“I know, grandma. ‘Never let a man take care of you. Be independent, Genny. Get your degree and buy yourself the life you want.’ You never forget to tell me to be my own person and I appreciate that.”

And that would be the end of the conversation.

But this morning...she didn’t answer.

And I chalked it up to her still being asleep or leaving her phone in another room, or something...

And again, I should’ve known better.

But before I let my mind wander any further, my mom came to the door again.

“Gen, your father left some money on the counter for lunch today. I’m leaving for work. Love you.”

“Love you too, mom! See you later,” I called as I pulled on a floral blouse to go with my black slacks and then slipped on a pair of beige flats and grabbed my backpack before walking down to the kitchen to grab a bottle of water and a granola bar for breakfast.

I made it to the school with a few minutes to spare, thankfully and met up with my small group of friends in the quad.

“Morning, Gen. You look like shit,” Rachel, someone who I asked myself every day why I was friends with, said as I walked up.

Before I could reply, I heard a familiar voice behind me, “Hey, Gen, can we talk?”

‘Seriously? We’re gonna do this now?’

Don’t be so rude. He was my friend before we dated.

He was also the reason Rachel hated me.

I turned and looked into a pair of bright blue eyes, the eyes that belonged to my ex-boyfriend and childhood best friend, Jackson Walters.

“Sure, Jacks. What’s up,” I asked. I felt bad for him. He was hurt when I decided to end the relationship after a year but we were better off as friends. Apparently, I was the only one of the two of us that felt that way.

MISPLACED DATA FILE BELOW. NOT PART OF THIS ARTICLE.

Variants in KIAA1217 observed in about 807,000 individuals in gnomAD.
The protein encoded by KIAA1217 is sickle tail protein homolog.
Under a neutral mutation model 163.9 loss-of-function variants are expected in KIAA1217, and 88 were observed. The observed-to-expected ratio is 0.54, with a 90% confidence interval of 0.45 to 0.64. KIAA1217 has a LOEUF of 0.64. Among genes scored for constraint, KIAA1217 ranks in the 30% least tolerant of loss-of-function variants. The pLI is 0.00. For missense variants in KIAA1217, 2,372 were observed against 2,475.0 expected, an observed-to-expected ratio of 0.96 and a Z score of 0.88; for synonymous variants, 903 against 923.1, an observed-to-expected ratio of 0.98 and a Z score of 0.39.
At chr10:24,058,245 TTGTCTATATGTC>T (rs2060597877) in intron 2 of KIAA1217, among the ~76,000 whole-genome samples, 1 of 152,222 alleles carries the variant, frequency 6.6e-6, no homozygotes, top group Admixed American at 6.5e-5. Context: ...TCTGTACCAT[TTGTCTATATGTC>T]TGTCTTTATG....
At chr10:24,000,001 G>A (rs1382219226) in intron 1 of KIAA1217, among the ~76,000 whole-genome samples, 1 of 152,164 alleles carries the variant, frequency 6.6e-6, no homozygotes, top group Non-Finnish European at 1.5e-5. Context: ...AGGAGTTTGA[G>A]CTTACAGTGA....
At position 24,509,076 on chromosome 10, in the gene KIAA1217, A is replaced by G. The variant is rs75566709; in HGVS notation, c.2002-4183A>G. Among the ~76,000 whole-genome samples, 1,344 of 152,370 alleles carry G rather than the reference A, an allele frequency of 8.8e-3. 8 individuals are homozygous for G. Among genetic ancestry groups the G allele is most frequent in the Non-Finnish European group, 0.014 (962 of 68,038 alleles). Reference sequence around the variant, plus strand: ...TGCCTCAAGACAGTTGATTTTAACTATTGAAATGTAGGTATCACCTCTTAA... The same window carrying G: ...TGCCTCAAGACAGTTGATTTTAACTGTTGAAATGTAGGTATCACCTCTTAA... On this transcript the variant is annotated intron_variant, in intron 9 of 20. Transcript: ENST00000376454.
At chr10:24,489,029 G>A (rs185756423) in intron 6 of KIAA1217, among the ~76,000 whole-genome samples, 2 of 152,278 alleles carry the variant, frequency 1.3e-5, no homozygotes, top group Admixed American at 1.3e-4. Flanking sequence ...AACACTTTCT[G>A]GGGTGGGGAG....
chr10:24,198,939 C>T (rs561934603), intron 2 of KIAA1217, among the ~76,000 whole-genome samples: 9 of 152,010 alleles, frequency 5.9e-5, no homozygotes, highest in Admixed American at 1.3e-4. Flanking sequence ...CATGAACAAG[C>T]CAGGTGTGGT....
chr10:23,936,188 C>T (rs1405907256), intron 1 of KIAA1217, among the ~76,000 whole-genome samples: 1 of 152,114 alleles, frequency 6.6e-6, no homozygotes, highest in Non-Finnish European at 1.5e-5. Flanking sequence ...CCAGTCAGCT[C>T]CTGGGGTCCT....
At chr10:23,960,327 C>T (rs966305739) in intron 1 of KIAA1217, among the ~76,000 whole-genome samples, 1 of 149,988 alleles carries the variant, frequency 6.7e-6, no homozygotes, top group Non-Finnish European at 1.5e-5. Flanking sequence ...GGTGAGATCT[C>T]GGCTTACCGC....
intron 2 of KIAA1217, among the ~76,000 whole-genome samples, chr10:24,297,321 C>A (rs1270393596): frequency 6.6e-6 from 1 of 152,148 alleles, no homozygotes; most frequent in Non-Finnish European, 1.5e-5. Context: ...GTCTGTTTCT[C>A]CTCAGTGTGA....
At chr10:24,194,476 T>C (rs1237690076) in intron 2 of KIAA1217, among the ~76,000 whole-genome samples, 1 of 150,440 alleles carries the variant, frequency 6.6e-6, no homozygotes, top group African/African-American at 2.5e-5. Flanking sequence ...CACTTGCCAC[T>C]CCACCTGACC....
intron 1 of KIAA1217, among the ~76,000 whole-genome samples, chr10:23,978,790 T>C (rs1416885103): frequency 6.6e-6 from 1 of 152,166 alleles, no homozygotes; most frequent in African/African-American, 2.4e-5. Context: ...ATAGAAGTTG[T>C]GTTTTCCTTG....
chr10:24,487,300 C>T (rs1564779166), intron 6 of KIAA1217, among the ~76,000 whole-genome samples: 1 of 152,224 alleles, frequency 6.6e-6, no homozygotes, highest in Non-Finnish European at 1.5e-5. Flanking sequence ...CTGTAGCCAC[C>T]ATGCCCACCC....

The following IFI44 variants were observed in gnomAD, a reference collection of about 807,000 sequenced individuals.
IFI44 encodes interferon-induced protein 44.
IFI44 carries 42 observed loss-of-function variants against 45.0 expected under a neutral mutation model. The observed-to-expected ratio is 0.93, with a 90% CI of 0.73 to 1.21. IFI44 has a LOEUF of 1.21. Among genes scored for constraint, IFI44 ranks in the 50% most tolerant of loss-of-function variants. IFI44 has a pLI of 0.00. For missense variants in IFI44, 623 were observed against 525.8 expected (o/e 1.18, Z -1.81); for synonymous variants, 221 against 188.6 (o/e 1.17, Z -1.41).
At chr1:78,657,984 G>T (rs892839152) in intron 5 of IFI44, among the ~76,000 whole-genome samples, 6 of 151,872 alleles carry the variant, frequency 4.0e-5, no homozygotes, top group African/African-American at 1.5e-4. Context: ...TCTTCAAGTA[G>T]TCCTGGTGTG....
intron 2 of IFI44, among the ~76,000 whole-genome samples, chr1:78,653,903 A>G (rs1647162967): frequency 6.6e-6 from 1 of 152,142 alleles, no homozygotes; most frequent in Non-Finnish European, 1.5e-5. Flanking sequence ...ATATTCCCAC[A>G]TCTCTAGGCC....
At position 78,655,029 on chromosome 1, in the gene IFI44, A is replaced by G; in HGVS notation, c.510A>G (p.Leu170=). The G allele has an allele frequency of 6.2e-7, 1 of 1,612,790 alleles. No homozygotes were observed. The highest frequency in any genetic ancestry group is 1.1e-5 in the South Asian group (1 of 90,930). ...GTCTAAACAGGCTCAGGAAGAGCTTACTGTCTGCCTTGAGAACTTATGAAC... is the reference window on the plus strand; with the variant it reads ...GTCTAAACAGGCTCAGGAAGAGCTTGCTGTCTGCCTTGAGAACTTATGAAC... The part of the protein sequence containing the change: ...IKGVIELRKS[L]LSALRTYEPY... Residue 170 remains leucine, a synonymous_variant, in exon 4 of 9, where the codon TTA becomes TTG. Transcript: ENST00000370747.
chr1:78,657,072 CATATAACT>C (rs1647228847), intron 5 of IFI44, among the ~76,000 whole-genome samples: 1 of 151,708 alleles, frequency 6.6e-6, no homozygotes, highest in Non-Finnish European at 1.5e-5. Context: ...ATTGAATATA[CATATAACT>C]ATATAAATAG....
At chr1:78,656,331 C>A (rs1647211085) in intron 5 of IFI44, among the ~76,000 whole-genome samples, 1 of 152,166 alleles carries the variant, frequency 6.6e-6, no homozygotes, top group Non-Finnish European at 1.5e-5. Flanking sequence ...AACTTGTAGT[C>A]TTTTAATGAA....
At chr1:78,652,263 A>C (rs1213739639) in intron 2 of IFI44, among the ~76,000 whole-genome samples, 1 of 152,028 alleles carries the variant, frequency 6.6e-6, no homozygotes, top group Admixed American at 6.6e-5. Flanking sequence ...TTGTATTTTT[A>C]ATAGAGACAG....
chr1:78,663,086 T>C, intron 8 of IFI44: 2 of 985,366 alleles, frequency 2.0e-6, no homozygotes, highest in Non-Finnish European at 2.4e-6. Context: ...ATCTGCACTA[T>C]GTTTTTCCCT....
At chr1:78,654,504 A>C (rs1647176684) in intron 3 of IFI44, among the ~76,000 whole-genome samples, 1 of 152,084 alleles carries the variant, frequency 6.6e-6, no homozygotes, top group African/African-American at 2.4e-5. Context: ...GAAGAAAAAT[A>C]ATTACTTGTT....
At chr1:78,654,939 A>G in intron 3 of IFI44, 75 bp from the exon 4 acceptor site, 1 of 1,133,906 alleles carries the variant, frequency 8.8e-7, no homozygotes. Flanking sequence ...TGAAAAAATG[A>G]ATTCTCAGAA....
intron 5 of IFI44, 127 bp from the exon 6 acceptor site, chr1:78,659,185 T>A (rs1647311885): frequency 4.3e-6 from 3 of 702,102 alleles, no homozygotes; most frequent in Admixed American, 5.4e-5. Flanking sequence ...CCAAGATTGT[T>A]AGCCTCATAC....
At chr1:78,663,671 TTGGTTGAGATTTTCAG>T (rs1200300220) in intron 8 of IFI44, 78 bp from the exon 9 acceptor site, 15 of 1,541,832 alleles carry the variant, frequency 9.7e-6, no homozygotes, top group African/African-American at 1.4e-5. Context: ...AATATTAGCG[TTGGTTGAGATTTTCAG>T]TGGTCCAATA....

“Um, alone,” he said in a low voice and I heard Rachel scoff behind me.

“Hey, Jackson,” she spoke up in a voice that was reserved just for him.

He looked over me at her, “Oh, hey, Rachel. How’s it going,” and then turned his attention back to me, “Genevieve?”

I sighed and followed him a few feet away.

“What’s up,” I asked again, pulling at the straps of my backpack.

I had to admit that dating him had been a huge mistake. Not that he was a bad guy, but that ever since we crossed the line from friends to more, now I knew that we could never get that ‘friends’ part back.

He would always want more than I could give and that made me feel slightly guilty.

‘Girl, it is not your fault you don’t feel the same. You are entitled to your own feelings.’

Yeah, yeah. I know, but still...

“I just wanted to say,” he started, “that I’m not mad at you. I get that you don’t feel the same as me, but I still want to be your friend, Gen. You mean the world to me, you always have, and I love you. And if you need me as a friend more than you need me as a boyfriend, well...I guess I’ll just have to be okay with that,” he finished, his fists clenching and unclenching as they always did when he was nervous.

“Thank you, Jackson. That means a lot to me. You know how important school is to me and you know that I’m trying really hard to get this business degree and right now just isn’t the right time for me to have a relationship,” I lied, which I probably shouldn’t have done as I saw his face light up in understanding.

“Yeah, no, of course. I get that. I’m really glad we had this talk,” he smiled and drew me in for a hug.

His hugs use to be a safe space for me, but now they felt suffocating.